The Carmathians also raided the pilgrim caravans to Mecca, often killing thousands of people, and laid siege to cities as far away as Damascus, where they seem to have had a considerable body of secret followers. Finally they attacked Mecca itself and carried away the sacred Black Stone, the holiest object in Islam, as well as immense loot (928 AD). Within Bahrayn itself there was complete absolutist communism. The citizens paid no tribute or tax; their welfare was guaranteed from birth to death, in sickness or health. All hard, menial, or unpleasant work was performed by the Negro slaves, who seem at first to have been the defeated remnants of the Zanj revolt who fled to heir quasi-allies and voluntarily chose slavery with the Carmathians rather than extermination with the Sunnites. The orthodox accused the Carmathians of community of women and all manner of orgies. As a matter of fact they were strictly monogamous, a military caste something like Plato's guardians or the Teutonic Knights, who led a pure, severely regulated life. The use of wine and all minor vices were strictly forbidden. Women unveiled and circulated freely in public and enjoyed considerable influence. The specific ordinances of Islam, however, were not enforced, not even the Friday meeting, the daily prayers, or the eating of food that was taboo. The exoteric practices of Mohammedanism were replaced by a cult of Light, a contemplative mysticism related to Sufism, and very that of the greatest Sufi theologian, Ibn el Arabi. Like the Sufis the Carmathians dressed exclusively in white and placed great emphasis on moral and physical purity. We are still in the world of the Essenes, the Theapeutae, and the Light by LIght emanatonism of Philo Judaeus. If any of the accusations of their persecutors or any of the secret traditions of the occultists are true of the Knights Templars, this is their source.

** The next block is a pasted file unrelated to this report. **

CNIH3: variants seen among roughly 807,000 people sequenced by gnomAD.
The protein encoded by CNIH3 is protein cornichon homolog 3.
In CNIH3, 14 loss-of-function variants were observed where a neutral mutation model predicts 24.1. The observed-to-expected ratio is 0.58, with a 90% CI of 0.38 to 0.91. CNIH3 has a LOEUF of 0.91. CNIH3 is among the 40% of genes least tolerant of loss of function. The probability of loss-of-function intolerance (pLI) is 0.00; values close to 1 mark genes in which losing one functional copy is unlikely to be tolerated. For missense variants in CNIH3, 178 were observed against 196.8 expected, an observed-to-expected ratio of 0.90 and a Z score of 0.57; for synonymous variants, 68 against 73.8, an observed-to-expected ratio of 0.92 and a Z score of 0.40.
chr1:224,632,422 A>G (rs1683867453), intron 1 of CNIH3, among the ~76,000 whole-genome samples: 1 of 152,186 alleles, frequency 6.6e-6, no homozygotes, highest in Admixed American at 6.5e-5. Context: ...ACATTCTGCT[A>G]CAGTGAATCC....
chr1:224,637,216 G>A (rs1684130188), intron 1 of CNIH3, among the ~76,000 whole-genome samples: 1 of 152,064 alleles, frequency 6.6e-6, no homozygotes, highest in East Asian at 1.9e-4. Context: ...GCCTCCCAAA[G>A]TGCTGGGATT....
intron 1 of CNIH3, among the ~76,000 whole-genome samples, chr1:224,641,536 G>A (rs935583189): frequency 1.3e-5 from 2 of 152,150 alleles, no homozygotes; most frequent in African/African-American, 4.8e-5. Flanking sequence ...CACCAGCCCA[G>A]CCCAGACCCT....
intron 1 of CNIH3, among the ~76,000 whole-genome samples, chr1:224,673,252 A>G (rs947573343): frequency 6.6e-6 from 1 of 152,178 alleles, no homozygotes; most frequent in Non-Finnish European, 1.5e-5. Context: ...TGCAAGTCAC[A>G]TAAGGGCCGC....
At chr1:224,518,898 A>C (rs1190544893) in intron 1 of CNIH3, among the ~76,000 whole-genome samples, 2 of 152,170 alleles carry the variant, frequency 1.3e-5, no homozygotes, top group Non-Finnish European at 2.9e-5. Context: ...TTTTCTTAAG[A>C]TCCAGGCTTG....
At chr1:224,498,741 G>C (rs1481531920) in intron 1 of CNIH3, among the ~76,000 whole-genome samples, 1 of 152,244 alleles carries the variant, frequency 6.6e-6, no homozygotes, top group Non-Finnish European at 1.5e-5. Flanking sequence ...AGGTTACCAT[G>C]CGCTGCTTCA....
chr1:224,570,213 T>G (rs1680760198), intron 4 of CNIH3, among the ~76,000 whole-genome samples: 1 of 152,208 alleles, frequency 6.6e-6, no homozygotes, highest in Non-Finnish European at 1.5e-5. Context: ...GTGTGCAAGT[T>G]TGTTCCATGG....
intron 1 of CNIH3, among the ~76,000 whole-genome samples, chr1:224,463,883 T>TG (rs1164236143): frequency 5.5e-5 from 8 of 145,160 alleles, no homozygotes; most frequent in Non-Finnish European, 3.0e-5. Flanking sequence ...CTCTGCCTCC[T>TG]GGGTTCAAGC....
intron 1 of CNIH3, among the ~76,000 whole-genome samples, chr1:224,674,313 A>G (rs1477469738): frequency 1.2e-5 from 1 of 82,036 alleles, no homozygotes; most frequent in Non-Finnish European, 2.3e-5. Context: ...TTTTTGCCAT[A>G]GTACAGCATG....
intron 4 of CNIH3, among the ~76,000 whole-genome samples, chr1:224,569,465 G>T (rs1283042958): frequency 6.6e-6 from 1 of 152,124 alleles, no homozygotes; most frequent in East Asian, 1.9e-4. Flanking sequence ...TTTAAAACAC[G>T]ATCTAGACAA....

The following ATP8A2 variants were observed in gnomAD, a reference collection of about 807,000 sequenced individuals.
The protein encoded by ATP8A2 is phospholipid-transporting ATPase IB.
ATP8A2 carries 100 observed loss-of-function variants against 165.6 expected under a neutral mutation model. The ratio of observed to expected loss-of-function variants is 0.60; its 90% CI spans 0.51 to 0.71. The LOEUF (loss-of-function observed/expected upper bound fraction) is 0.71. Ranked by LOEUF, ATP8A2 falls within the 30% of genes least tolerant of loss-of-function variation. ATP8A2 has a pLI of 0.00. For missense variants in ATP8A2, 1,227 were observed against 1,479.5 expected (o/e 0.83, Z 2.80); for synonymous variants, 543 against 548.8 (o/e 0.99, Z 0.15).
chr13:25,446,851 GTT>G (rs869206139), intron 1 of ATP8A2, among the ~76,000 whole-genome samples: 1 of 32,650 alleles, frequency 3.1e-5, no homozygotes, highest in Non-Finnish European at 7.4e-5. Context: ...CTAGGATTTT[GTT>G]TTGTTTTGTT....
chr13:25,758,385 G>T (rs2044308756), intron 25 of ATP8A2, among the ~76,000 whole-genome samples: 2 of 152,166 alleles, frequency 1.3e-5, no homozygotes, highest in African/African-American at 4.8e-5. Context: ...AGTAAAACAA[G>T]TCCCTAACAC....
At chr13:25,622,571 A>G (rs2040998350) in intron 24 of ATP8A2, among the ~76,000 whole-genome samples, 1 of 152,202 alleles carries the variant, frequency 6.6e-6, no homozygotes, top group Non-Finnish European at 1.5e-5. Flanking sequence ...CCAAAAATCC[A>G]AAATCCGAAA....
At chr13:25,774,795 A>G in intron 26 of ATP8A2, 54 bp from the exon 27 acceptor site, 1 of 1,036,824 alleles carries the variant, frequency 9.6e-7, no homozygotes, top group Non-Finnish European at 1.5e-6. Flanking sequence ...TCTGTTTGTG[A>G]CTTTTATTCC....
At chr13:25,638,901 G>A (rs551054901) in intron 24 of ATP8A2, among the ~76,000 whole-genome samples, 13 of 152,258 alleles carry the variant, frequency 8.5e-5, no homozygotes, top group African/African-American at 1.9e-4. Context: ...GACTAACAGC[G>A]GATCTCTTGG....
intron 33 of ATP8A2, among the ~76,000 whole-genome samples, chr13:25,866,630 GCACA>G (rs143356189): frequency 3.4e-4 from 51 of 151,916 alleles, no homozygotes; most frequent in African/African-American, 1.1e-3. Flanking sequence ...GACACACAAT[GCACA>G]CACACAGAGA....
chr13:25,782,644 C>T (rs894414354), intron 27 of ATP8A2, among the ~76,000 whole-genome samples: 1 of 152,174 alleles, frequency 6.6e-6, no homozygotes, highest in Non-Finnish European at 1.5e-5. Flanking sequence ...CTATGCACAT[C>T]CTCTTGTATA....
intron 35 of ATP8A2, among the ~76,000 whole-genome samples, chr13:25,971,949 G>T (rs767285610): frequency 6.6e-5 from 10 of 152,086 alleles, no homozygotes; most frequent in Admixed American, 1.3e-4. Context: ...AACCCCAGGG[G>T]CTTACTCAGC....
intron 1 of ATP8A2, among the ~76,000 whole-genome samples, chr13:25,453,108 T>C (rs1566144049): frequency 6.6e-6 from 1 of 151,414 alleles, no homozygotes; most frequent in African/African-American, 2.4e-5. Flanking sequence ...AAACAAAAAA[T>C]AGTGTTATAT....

bastarx
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Feb 19 2011 03:49

An earlier revolt in Mesopatamia: http://libcom.org/library/zanj-slaves-rebellion-ad-869-883

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gram negative
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Feb 19 2011 05:12
Peter wrote:
An earlier revolt in Mesopatamia: http://libcom.org/library/zanj-slaves-rebellion-ad-869-883

thanks for this; after reading rexroth, i had always wondered if there were as any more material on the zanj

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Entdinglichung
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Feb 19 2011 10:52

as far as I can remember, there is some stuff about the Qarmatians and other groups on the fringes of Ismailism in Farhad Daftary's The Isma'ilis: Their History and Doctrines

Mark.
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Feb 19 2011 11:20

Does anyone know if the Shia population in Bahrain and eastern Saudi has its origin in the Qarmatians?

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xslavearcx
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Feb 19 2011 12:18

Most of the shia in Bahrain are ithna-asheri (12er). There was a tendency for people to go from ismaili towards 12er due to the fact that the 12er with their occultation of imam concept meant that they were generally 'quietist' towards political authority whereas actually having a tangible imam around would present challenges to political regimes. Nevertheless, even at its most quietest 12er shiism does not fully accept the legitimacy of any regime which can have the tendency to flair up from time to time, especially if regimes are not seen to be ruling with 'justice'. Will be interesting to see what the ulamas role in all this will be...

A good book to read for an overview of the various shia currents history is Momen's Introduction to Shia Islam.

jaycee
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Sep 1 2017 13:39

That whole period is really interesting. Does anyone know of a good history of that period / a history of communalist movements around the world?